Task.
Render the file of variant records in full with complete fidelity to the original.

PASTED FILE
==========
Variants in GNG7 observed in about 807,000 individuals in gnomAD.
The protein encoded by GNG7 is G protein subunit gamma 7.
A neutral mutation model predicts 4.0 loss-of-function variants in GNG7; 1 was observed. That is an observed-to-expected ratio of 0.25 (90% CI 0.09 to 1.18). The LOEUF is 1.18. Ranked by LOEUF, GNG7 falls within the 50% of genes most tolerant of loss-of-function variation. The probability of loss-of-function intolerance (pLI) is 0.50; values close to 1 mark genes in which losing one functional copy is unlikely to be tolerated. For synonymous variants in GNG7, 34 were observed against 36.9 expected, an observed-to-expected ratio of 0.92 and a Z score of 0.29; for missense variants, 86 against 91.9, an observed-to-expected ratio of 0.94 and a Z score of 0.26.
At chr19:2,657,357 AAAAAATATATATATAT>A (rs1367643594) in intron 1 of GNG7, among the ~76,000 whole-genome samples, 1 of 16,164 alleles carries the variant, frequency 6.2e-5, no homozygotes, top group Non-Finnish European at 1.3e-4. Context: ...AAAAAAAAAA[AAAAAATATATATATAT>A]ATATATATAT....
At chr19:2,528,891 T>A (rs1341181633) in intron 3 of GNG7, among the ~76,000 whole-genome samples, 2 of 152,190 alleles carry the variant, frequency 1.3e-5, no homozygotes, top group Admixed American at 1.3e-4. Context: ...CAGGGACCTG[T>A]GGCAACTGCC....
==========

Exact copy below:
Variants in GNG7 observed in about 807,000 individuals in gnomAD.
The protein encoded by GNG7 is G protein subunit gamma 7.
A neutral mutation model predicts 4.0 loss-of-function variants in GNG7; 1 was observed. That is an observed-to-expected ratio of 0.25 (90% CI 0.09 to 1.18). The LOEUF is 1.18. Ranked by LOEUF, GNG7 falls within the 50% of genes most tolerant of loss-of-function variation. The probability of loss-of-function intolerance (pLI) is 0.50; values close to 1 mark genes in which losing one functional copy is unlikely to be tolerated. For synonymous variants in GNG7, 34 were observed against 36.9 expected, an observed-to-expected ratio of 0.92 and a Z score of 0.29; for missense variants, 86 against 91.9, an observed-to-expected ratio of 0.94 and a Z score of 0.26.
At chr19:2,657,357 AAAAAATATATATATAT>A (rs1367643594) in intron 1 of GNG7, among the ~76,000 whole-genome samples, 1 of 16,164 alleles carries the variant, frequency 6.2e-5, no homozygotes, top group Non-Finnish European at 1.3e-4. Context: ...AAAAAAAAAA[AAAAAATATATATATAT>A]ATATATATAT....
At chr19:2,528,891 T>A (rs1341181633) in intron 3 of GNG7, among the ~76,000 whole-genome samples, 2 of 152,190 alleles carry the variant, frequency 1.3e-5, no homozygotes, top group Admixed American at 1.3e-4. Context: ...CAGGGACCTG[T>A]GGCAACTGCC....